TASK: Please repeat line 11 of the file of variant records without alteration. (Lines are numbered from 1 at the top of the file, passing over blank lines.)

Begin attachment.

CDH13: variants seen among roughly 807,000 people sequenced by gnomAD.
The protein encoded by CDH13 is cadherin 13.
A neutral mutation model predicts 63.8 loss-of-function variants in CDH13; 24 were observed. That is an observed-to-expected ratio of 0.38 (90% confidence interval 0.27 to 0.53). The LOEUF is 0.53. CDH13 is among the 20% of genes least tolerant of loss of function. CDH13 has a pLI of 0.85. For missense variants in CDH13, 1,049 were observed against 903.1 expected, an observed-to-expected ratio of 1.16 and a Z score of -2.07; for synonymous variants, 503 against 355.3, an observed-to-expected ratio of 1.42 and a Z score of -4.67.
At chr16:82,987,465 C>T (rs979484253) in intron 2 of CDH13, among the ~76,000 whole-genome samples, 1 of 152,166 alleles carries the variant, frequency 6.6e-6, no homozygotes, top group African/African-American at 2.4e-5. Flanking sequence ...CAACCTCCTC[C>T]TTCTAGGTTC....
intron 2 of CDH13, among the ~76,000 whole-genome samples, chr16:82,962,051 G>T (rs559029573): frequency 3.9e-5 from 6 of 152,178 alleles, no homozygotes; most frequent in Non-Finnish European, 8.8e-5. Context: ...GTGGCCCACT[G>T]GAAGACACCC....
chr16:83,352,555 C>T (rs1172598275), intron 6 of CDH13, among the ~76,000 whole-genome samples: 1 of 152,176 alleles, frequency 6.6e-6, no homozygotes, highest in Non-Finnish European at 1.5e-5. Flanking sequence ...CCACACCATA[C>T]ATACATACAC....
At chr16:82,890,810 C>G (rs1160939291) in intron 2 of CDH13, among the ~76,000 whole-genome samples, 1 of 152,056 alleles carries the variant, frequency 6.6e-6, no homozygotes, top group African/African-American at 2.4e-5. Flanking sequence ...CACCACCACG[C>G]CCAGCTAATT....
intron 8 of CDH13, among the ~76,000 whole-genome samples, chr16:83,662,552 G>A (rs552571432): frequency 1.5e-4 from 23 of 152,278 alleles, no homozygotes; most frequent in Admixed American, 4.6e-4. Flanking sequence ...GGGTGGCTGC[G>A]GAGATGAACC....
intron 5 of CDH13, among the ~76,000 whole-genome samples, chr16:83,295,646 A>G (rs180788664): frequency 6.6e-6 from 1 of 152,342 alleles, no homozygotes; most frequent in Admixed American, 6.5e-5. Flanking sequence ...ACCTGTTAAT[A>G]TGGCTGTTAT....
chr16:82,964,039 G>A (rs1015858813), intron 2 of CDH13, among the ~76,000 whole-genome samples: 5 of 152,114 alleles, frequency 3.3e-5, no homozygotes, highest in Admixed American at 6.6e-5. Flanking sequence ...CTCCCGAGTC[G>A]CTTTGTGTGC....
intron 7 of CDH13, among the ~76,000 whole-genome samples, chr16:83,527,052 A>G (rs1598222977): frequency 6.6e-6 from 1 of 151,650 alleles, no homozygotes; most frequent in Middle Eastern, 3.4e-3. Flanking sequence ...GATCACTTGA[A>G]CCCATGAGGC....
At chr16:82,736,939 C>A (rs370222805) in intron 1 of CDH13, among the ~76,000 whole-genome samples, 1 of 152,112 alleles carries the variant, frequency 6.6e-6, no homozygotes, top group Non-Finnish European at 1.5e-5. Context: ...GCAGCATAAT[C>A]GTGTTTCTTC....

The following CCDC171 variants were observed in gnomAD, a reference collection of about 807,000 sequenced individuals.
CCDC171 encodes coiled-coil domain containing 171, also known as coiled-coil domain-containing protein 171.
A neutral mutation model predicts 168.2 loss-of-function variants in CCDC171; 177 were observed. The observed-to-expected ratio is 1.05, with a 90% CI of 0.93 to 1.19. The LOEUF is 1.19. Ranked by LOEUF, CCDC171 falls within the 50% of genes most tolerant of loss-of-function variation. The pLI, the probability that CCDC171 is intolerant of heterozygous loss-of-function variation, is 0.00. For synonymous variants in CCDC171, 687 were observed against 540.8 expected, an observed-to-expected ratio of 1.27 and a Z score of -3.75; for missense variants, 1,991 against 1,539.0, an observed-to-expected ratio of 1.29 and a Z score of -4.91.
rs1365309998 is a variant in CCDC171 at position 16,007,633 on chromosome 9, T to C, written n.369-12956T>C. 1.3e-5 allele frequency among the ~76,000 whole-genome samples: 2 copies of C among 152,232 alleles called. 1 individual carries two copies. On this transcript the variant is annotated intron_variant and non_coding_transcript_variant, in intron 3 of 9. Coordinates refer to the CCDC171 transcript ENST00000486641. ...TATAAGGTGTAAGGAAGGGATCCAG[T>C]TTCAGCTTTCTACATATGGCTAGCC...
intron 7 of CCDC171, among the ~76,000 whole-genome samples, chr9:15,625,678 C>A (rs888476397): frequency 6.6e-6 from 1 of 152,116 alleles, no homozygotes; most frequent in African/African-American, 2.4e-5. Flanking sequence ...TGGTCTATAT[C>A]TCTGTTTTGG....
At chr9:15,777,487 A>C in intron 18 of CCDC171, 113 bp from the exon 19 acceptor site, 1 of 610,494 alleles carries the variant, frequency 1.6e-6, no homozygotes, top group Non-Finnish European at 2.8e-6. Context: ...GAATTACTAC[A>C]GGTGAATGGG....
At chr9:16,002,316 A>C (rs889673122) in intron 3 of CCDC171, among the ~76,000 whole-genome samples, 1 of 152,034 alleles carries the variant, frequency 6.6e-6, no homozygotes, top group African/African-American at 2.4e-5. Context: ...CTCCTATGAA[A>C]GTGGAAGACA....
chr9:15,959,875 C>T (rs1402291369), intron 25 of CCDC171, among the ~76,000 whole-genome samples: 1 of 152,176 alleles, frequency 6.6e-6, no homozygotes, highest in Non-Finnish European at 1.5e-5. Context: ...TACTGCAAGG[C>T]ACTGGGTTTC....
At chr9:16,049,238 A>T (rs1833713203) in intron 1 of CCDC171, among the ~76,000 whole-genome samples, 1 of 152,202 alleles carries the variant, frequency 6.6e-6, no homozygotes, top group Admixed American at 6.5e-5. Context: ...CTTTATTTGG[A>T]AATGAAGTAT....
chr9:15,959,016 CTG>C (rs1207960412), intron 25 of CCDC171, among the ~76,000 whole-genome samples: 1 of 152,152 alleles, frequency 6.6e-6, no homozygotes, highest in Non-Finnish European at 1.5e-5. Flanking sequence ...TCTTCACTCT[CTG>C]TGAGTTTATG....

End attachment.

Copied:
intron 7 of CDH13, among the ~76,000 whole-genome samples, chr16:83,527,052 A>G (rs1598222977): frequency 6.6e-6 from 1 of 151,650 alleles, no homozygotes; most frequent in Middle Eastern, 3.4e-3. Flanking sequence ...GATCACTTGA[A>G]CCCATGAGGC....